AffiliationDepartment of General Surgery, Cork University Hospital, Wilton, Ireland.
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CitationInt J Colorectal Dis. 1998;13(3):116-8.
JournalInternational journal of colorectal disease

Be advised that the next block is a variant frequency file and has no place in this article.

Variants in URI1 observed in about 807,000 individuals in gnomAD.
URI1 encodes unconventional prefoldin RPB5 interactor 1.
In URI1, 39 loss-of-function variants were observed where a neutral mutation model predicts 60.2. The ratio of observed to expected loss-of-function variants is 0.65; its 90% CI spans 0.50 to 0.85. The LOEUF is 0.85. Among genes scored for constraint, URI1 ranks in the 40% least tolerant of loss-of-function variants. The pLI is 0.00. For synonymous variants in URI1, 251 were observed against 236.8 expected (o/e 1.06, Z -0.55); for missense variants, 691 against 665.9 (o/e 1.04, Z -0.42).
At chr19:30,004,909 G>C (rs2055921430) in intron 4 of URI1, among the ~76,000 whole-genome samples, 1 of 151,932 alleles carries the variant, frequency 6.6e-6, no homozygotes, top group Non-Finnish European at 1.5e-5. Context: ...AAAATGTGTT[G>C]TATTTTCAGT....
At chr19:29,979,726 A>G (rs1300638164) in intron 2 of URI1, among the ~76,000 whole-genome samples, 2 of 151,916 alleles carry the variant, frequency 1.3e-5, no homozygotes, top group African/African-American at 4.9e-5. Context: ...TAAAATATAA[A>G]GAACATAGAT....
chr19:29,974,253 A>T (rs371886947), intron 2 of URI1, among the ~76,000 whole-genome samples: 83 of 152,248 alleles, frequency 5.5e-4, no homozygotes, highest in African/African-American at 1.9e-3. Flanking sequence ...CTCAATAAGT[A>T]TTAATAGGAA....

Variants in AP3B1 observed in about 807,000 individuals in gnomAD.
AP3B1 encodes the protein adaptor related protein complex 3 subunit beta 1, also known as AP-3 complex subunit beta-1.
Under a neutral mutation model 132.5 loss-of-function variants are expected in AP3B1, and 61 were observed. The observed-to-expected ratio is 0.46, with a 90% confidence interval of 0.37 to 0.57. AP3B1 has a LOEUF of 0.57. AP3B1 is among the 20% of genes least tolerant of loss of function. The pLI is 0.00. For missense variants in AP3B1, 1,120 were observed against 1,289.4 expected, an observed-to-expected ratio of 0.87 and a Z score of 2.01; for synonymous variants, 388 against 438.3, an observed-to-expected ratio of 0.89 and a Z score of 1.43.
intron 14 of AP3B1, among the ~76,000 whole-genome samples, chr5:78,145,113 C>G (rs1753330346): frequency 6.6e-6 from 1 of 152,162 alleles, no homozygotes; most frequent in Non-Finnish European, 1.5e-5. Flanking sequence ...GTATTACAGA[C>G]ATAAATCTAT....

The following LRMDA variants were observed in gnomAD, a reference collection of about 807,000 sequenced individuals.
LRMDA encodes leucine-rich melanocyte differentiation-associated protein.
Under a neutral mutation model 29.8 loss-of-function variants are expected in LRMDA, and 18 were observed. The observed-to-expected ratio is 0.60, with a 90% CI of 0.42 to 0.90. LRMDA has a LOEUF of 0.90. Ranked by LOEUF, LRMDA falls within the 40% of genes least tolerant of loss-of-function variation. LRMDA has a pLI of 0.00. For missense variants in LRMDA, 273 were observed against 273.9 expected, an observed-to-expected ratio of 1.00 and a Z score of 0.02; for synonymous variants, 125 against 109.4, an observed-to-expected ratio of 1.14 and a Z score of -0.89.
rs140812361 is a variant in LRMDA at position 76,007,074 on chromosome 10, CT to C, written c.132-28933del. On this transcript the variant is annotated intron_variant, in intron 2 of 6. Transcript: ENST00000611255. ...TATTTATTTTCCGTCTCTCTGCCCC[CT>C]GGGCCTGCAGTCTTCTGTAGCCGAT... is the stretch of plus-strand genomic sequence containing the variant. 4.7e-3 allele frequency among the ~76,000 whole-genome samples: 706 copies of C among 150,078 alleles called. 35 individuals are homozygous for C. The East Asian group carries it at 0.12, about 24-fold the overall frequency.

AbstractHysterectomy is associated with severe constipation in a subgroup of patients, and an adverse effect on colonic motility has been described in the literature. The onset of irritable bowel syndrome and urinary bladder dysfunction has also been reported after hysterectomy. In this prospective study, we investigated the effect of simple hysterectomy on ano-rectal physiology and bowel function. Thirty consecutive patients were assessed before and 16 weeks after operation. An abdominal hysterectomy was performed in 16 patients, and a vaginal procedure was performed in 14. The parameters measured included the mean resting, and maximal forced voluntary contraction anal pressures, the recto-anal inhibitory reflex, and rectal sensation to distension. In 8 patients, the terminal motor latency of the pudendal nerve was assessed bilaterally. Pre-operatively, 8 patients were constipated. This improved following hysterectomy in 4, worsened in 2, and was unchanged in 2. Symptomatology did not correlate with changes in manometry. Although, the mean resting pressure was reduced after hysterectomy (57 mmHg-53 mmHg, P = 0.0541), the maximal forced voluntary contraction pressure was significantly decreased (115 mmHg-105 mmHg, P = 0.029). This effect was more pronounced in those with five or more previous vaginal deliveries (P = 0.0244, n = 9). There was no significant change in the number of patients with an intact ano-rectal inhibitory reflex after hysterectomy. There was no change in rectal sensation to distension, and the right and left pudendal nerve terminal motor latencies were unaltered at follow-up. Our results demonstrate that hysterectomy causes a decrease in the maximal forced voluntary contraction and pressure, and this appears to be due to a large decrease in a small group of patients with previous multiple vaginal deliveries.